Typical Impulse-Momentum analyses of the collision phase (e.g., ref. 2-5) do not yield information on the magnitudes of forces and the extent of damage is generally not included, except for the case of full width frontal or rear contacts (ref. 6). In the development of SMAC, it was considered highly desirable to devise a means of analytical generation of damage patterns for comparisons with corresponding measurements of the damaged vehicle. Therefore, a major effort was applied to development of an analysis that includes an approximation of vehicle crush properties.
Within the research program described in Ref. 7, it was found that crush properties of the peripheral structures of automobiles could be approximated with a reasonable degree of accuracy by means of the assumption of a layer of isotropic, homogeneous material that exhibits elastic-plastic behavior. Comparisons of deformations and deceleration measured in full frontal contacts (ref. 6) indicate a general agreement in the required properties for such an assumed peripheral layer.
In the SMAC collision calculations, the specific crush properties that are assumed do not, of course, affect the conservation of momentum. By producing a finite duration for the application of the forces, the simulated crush permits relative motions of the colliding bodies to occur during the reconstructed collision. The time-varying values for the magnitudes, positions, and orientations of collision forces that are obtained with relatively gross approximations of crush properties have been found to yield results that are more realistic than simple impulse-momentum calculations in which the effects of crush are neglected.
In the SMAC program, the original (undeformed) boundaries of the vehicles are defined in the form of rectangles. Discrete points defining the body outlines in contact regions are generated and displaced during the impact calculations. These points serve to define the deformed boundaries. The distance between a displaced point and the initial boundary of the deflected surface is used to determine the dynamic pressure at that point during any time increment in which the point is displaced. An iterative procedure is used to adjust the displacements to achieve equal pressures from the two mutually deformed bodies at each displaced point, and a point-by-point integration of the pressure on the collision interface is used to generate the resultant collision force and a corresponding inter-vehicle friction force.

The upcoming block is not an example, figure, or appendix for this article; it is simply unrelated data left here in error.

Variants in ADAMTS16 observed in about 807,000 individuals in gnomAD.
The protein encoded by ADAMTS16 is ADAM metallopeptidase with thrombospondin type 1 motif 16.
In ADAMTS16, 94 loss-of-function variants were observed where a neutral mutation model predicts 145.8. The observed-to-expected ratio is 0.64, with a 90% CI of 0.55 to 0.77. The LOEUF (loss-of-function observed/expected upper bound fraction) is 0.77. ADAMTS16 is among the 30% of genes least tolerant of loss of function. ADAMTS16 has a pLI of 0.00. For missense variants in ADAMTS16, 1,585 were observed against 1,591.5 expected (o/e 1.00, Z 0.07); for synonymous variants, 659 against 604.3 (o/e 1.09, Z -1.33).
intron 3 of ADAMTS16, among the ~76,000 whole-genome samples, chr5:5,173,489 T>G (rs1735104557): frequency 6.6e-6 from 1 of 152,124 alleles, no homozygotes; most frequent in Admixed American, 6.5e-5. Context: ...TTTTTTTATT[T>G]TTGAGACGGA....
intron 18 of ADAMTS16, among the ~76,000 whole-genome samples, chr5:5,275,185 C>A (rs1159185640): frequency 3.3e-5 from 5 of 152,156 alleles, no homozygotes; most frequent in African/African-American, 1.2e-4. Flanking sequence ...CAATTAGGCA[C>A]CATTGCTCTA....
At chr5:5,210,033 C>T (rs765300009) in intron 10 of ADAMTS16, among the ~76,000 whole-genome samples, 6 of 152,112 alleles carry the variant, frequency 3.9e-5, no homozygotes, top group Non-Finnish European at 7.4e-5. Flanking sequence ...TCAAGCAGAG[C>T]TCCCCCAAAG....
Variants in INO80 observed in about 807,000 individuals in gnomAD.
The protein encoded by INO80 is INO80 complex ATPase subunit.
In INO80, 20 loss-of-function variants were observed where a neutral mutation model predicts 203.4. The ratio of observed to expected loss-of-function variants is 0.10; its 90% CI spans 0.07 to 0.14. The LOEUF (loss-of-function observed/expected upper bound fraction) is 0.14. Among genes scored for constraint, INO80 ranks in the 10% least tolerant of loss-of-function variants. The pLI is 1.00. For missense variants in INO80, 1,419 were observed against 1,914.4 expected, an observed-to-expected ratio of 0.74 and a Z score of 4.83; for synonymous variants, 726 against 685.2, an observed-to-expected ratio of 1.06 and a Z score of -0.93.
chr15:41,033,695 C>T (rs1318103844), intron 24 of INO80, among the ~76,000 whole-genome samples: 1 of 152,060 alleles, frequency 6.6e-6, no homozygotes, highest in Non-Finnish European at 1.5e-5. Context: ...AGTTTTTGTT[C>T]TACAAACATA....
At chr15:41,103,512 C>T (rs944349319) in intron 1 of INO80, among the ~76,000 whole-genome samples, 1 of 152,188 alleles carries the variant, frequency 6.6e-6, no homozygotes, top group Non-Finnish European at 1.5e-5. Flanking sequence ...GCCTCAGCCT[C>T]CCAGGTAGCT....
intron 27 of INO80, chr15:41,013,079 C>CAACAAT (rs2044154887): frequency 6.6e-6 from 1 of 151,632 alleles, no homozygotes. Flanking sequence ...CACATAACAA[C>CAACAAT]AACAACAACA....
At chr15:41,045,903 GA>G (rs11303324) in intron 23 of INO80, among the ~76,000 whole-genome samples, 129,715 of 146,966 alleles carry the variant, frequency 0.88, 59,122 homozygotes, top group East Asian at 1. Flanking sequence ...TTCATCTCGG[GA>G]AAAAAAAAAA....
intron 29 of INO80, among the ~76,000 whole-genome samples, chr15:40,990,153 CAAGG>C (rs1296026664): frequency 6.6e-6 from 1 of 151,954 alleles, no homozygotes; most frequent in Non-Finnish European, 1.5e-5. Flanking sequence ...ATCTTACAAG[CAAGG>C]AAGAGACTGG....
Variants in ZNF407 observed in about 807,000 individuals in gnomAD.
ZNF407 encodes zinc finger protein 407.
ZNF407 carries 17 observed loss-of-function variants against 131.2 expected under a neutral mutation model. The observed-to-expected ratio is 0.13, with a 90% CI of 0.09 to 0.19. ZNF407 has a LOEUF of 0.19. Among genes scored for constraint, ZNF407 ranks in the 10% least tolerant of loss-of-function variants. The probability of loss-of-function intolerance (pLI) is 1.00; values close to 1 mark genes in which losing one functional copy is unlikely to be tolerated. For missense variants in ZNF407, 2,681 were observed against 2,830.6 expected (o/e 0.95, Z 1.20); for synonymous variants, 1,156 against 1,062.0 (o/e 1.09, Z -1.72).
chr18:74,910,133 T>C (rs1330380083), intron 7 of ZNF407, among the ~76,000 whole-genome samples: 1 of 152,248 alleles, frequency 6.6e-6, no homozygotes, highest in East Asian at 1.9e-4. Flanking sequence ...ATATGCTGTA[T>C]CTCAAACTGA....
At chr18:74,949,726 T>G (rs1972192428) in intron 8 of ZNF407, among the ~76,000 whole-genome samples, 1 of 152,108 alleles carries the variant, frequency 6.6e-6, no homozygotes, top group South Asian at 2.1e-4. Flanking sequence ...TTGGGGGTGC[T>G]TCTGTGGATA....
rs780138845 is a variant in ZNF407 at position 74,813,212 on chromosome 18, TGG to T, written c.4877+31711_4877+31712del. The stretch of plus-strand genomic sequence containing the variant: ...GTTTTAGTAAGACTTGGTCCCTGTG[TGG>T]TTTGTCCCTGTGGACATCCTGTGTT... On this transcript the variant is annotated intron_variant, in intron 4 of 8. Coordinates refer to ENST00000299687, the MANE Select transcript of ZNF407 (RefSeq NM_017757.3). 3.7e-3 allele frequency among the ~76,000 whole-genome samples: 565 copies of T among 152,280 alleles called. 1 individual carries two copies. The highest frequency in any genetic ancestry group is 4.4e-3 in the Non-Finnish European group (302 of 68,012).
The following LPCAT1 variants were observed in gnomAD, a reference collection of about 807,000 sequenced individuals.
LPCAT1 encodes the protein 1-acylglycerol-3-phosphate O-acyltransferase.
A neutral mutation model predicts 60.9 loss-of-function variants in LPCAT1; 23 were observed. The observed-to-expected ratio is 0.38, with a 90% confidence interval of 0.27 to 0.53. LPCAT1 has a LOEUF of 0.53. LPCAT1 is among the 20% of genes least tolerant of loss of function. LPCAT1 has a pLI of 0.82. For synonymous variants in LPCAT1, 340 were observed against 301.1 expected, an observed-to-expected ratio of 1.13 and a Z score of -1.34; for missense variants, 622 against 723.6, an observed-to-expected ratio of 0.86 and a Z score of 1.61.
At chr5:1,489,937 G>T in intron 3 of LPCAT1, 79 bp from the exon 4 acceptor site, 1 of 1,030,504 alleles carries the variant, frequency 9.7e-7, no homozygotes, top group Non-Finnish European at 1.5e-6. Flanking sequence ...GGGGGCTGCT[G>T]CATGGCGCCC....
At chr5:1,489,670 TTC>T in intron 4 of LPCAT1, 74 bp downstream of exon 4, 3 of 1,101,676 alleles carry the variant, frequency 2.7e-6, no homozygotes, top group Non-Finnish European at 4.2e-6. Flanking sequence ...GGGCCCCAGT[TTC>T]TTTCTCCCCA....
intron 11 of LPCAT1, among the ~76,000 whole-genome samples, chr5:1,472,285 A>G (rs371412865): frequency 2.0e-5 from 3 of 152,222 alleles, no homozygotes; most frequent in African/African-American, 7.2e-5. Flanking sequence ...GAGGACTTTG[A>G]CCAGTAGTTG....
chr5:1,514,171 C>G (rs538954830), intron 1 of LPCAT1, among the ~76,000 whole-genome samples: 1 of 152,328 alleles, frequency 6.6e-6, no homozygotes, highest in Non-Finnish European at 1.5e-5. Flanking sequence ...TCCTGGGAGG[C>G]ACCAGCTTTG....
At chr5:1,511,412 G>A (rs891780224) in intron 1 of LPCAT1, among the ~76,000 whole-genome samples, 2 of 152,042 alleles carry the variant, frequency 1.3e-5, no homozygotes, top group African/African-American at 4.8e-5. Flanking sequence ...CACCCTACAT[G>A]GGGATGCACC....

The following specific analytical assumptions constitute the basis for the collision force routine of the SMAC program:
The vehicles are treated as rigid bodies, each surrounded by a layer of isotropic, homogeneous material that exhibits elastic-plastic behavior.
The dynamic pressure in the peripheral layer increases linearly with the depth of penetration relative to the initial boundary of the deflected surface.
The adjustable, nonlinear coefficient of restitution varies as a function of the maximum deflection.
The vehicle motions are limited to a horizontal plane in which the effects of pitch and roll are neglected.